11 reasons a 23-year-old should run your social media


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Social media isn’t just for young people anymore.

Sites such as Facebook, Twitter and LinkedIn have grown exponentially in the social media age, each having different strengths and weaknesses for users. But the debate continues: For companies, who should be running their official pages, of which some are followed by millions of potential and actual customers?

I read an article yesterday that listed 11 reasons why a 23-year-old shouldn’t be running a company’s social media campaign, and it reeked of get-off-my-lawn-ness. The general impression of a post-grad is that they are extremely outspoken, and will say anything on a social media page.

And for a lot of people my age, that’s absolutely correct. But a company should vet whoever they select to run their social media campaign, so if they find one of the responsible 23-year-olds who want to advance in their career, they should absolutely hand over the passwords and allow them to speak to the masses.

Here are 11 reasons why a post-grad should be running your social media pages.

1. They’re from the social media generation

If you want someone who is going to know the lingo of Twitter #And #Won’t #Tweet #Like #This, you need to go to the age group who knows best about what they’re doing.

2. They actually have the most experience

I know the article that debunked using youngsters for social media said post-grads are too immature, but when it comes to sites like Facebook, they’re actually the most experienced group on the planet. Nobody has been on Facebook longer than your average 20-something, because they had access before the site was opened up to everyone. Remember, it was a college site first, and they’ve seen every evolution.

3. They’re energetic about using social media

For a post-grad, Facebook isn’t just for sharing baby pictures. Twitter isn’t just for seeing what a celebrity ate for lunch. It’s used for seeking out information and creating their own content.

4. They seek social media information better than anyone

I doubt most of our parents are on sites like Mashable and other social media news sites, learning about the latest and greatest advancements in social media that will keep the company’s campaign on the cutting-edge, but post-grads are. Social media isn’t just about sending a tweet and then walking away; it’s also about learning from other successful campaigns and trying new ways of getting the message out.

5. They’re good at forming bonds with strangers

A high follower count can be important and beneficial to a young job-seeker, because you never know who might be watching and interested. They know the methods and nuances for scoring a new follower, and what company wouldn’t want someone who knows how to lure in new customers or clients?

6. They’ll work in their free-time

The typical post-grad has the latest iPhone with the latest app for their social media sites, which means your company will be engaging followers outside of the 9-5 business hours.

7. Chances are, they’ve already screwed up

Lessons are learned from mistakes made, in any walk of life. The best social media campaigns are the ones that push the boundaries and don’t play it safe. Youngsters have likely had that moment where they posted something on their personal page that was eventually deleted because it went over the line. They probably made a mental note to never do that again, which means your company won’t suffer the same fate.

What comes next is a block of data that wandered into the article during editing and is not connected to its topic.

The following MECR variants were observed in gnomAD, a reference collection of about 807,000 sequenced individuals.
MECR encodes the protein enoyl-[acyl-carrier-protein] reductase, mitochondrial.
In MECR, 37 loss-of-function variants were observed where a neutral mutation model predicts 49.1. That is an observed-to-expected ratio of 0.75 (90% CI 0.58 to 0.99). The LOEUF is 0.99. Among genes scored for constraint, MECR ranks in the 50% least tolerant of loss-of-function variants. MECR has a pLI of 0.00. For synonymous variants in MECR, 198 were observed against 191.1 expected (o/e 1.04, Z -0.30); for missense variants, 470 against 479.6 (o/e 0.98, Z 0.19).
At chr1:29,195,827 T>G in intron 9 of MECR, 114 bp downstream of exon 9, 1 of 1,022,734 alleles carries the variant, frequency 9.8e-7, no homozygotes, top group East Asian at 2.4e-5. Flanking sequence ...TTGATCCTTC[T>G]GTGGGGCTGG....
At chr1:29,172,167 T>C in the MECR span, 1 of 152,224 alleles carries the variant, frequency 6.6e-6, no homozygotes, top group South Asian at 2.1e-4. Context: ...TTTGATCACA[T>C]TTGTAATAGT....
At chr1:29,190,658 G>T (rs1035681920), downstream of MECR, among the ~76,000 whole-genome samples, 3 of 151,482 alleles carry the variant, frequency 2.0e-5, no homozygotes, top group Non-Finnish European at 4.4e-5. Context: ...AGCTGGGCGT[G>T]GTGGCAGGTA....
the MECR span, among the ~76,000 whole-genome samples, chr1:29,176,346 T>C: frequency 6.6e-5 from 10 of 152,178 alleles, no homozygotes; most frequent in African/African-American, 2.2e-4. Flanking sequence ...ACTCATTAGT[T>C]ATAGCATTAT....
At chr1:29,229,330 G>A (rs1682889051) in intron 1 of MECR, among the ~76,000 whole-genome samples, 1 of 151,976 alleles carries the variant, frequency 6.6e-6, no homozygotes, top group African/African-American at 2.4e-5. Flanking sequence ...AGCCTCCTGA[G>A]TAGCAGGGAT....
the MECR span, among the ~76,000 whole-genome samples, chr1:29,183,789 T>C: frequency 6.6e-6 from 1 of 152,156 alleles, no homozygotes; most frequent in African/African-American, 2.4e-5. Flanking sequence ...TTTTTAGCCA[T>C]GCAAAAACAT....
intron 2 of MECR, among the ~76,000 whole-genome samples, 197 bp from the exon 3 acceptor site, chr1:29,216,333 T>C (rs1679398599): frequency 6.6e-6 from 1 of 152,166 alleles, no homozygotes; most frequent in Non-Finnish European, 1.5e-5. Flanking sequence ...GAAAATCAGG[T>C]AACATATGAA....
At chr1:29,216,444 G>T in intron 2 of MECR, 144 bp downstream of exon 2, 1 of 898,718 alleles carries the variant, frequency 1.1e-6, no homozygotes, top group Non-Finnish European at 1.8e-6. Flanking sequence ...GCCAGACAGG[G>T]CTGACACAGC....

8. They won’t need social media training

If you don’t want to spend days or even weeks showing someone how to use Twitter, hire someone who already uses it. It saves the company a lot of time.

9. They probably know about your company, through social media

Post-grads are very connected to brands through social media because they like to score deals. After all, they usually have less money available, so they seek out special offers by following brands and companies on Facebook and Twitter. Therefore, there’s a better chance they’ll already be up-to-speed on your product.

10. They’re as good at networking as their older counterparts

Maybe even better so, because the recent job market has taught those who truly want jobs to work their fingers to the bone by networking and contacting those who have job openings. This pays off in the social media world, too. A post-grad will attend tweet-ups and social media conferences to form bonds and get the word out about your product.

11. They’re a cheaper hire!

Younger employees are just breaking into the professional world, so they’re willing to work longer hours and do all the extracurriculars to impress their boss. And frequently, they’ll do it for next-to-nothing!

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5 thoughts

  1. I read that Time article too and was all set to be all high and mighty and correct you that the title was “shouldn’t” but I liked reading your perspective too – esp. the #outofcontrol #soembarassing #hashtagabuse.

    DId you see this article? It’s interesting, but the 622 angry comments are even MORE interesting! http://www.nextgenjournal.com/2012/07/why-every-social-media-manager-should-be-under-25/?fb_comment_id=fbc_10150926022912186_208940064_10150932258827186#f25712ed0&utm_source=buffer&buffer_share=41565

  2. I didn’t see that article…I have to figure out a way to get 622 comments on my blog! Not that I crave that kind of attention, but that would be pretty awesome.

  3. Great rebuttal, Sean. I would add that just as many companies are looking to hire 23-year-olds to run their social media because they can get away with paying them so little—but that’s another issue.

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